Monday, April 11, 2005

Apostate wisdom: McRevolutions may leave an unwanted aftertaste

/ revolutions / different /
Apostate Windbag, has an excellent piece about the revolutions popping up all over the former CIS (and beyond) and, among other things, how they are received in the corporate US press, in comparison with the uprsings and revolutions occuring in Latin America.
The author further raises the possibility that once people taste a bit of freedom they are likely to ask for more - a fact which might produce results that will surprise US policy makers.
In the process, WaPo double standards are exposed, the shadiness of John Laughland is discussed and a great defense of Chavez is offered. Stuff that, as you might guess, had me cheering wildly.

In fact, the whole damn blog is not only written in a rich and interesting prose, but I have found precious little that I can conceivably disagree with...

Thus, Apostate Windbag is now proudly featured in the side bar, filed under "from the left". Go read it.

found via another great left blog Dead Men Left

1 comment:

Anonymous said...

Arguing about Chavez is usually a waste of time; most folks have already made up their minds.

Still, a few thoughts.

-- Chavez will comfortably win re-election next year.

-- Human rights abuses -- especially by Venezuela's vicious and uncontrollable police -- will continue. The police issue was around long before Chavez, and is not his fault, but he's done nothing to fix it, nor will he.

-- The Supreme Court, having been packed full of Chavez loyalists, will, unsurprisingly, be obsequiously loyal to Chavez.

-- Key inflection point: enforcement of the new laws on the media. A much more patient and reasonable man than Chavez would have reason to be enraged with Venezuela's opposition media. However, the new powers given to the government -- most notably, the ability to prosecute for "slandering" the President or the government, "inciting violence", and so forth -- offer vast potential for abuse. What the government does with these will bear watching.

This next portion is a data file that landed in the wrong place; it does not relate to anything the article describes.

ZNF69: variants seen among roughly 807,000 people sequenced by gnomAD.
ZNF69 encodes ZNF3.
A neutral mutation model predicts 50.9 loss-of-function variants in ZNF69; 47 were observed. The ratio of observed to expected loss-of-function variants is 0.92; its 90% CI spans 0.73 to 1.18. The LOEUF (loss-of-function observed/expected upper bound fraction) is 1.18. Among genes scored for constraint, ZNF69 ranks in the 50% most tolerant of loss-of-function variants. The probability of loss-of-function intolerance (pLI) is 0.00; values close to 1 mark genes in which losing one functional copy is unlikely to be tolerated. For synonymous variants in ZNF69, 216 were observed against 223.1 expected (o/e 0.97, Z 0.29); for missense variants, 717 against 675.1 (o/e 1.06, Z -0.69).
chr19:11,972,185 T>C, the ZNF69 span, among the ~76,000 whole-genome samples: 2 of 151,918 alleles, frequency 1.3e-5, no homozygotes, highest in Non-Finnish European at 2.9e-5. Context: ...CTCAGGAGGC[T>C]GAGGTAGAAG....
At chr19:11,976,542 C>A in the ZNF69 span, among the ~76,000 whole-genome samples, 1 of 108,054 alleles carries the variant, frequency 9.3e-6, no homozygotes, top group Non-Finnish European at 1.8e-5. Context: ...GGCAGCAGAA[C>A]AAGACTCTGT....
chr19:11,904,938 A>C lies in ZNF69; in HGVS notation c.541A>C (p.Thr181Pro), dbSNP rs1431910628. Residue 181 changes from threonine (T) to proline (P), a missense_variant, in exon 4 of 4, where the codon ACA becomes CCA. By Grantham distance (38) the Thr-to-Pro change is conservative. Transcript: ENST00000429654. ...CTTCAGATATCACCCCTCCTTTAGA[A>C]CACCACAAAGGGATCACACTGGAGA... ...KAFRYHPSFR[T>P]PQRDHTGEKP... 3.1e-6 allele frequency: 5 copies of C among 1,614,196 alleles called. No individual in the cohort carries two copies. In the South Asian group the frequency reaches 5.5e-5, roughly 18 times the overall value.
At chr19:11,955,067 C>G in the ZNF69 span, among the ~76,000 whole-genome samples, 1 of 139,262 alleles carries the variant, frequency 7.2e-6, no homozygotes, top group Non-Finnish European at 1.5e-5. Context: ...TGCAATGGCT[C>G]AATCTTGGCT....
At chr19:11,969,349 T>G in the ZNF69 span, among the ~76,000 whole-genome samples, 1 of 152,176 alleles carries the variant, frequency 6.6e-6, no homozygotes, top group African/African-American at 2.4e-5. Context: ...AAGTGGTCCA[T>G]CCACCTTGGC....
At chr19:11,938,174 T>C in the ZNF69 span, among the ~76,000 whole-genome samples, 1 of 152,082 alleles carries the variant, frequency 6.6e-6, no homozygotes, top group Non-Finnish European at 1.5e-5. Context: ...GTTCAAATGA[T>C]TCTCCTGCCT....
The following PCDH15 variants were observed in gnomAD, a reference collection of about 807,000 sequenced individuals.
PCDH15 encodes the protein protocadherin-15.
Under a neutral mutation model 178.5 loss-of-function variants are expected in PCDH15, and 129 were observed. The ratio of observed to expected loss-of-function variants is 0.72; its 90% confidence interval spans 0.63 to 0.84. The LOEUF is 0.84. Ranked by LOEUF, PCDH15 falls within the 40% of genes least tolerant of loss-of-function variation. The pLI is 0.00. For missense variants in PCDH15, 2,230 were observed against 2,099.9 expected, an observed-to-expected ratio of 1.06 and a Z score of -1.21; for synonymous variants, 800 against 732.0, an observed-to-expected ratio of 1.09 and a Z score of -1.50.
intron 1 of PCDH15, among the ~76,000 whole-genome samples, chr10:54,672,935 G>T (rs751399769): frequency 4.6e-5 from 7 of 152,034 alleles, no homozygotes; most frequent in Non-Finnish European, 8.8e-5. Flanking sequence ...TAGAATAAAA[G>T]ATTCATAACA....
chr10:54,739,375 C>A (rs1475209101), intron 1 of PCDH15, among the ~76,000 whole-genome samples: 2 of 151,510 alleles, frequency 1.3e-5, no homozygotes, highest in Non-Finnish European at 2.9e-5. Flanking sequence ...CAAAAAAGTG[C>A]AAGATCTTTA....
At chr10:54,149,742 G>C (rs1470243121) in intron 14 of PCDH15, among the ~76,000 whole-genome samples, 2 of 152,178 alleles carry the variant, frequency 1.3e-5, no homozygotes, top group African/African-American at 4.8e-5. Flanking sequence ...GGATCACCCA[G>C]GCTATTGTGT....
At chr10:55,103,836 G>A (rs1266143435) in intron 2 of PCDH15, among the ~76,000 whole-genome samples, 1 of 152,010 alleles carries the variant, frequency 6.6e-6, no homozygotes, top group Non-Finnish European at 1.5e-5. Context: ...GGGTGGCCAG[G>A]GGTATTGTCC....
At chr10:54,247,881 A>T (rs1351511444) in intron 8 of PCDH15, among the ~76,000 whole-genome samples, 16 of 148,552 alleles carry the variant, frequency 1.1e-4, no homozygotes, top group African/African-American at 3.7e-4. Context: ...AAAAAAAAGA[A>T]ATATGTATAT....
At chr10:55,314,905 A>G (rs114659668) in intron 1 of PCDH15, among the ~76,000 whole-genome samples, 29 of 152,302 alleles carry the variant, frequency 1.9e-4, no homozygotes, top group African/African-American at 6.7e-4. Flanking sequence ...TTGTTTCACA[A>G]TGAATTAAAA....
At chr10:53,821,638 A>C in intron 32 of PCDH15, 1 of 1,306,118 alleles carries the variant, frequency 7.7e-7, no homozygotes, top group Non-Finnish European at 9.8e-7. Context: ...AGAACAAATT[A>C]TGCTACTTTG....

-- Oil revenues are likely to stay high, so Venezuela's economy will perk along for the next year or two. I see serious problems ahead after that, say in 2007-8, but the details will be contingent. Still, you heard it here first.

The Nation had an interesting article on Chavez a few days ago. Hang on...

[googles]Ah, there it is. The first half is pretty standard stuff, but it gets interesting towards the end. Apologies for the long quote.

* * *

"Look, Chávez won the referendum. People have to accept that," says the editor, Albor Rodriguez. She is in her early 30s, an escuálido (Chavez opponent) all the way, but she respects the facts.

Standing erect at her desk, one black-clad shoulder tipped forward, she takes long drags on her cigarette between comments. "There is no 'Castro communist' here. That's ridiculous. They say there are Cubans in the government and the security. But there is no proof. However, does Chávez have autocratic tendencies? Yes! He comes from the military. Does his government, or he himself, know what they are doing? No! His head is a mix -- a marmalade of notions and slogans. He speaks without thinking. He makes innuendoes about Condoleezza Rice being in love with him. That's insane. He's totally erratic."

Albor, to my surprise, is almost as harsh on the opposition: "They lost because Chávez has a deep emotional connection with the people, and they have no connection with the people. Also, he has spent a lot of money on the barrios. He pours money into the barrios."

She explains that when her paper reported on the real work of the missions, some readers accused her of lying and "having gone to the moon to find these things." She explains: "The opposition lied to itself. They were deluded and now they are smashed..."


There are some in the opposition whose critique focuses less on Chávez's supposed abuses of power and more on the government's alleged mismanagement and left-wing economic tomfoolery. Oscar Garcia Mendoza is president of Banco Venezolano de Credito, a very old and conservative bank. He's what Chávez would call an "oligarch," the official enemy: a capitalist financier. But when I meet him in his beautiful corner office on the ninth floor of a Modernist highrise, he is beaming. He wears a dark blue suit, his gray hair is cropped stylishly short and he has that healthy look that seems to come from being rich and relaxed.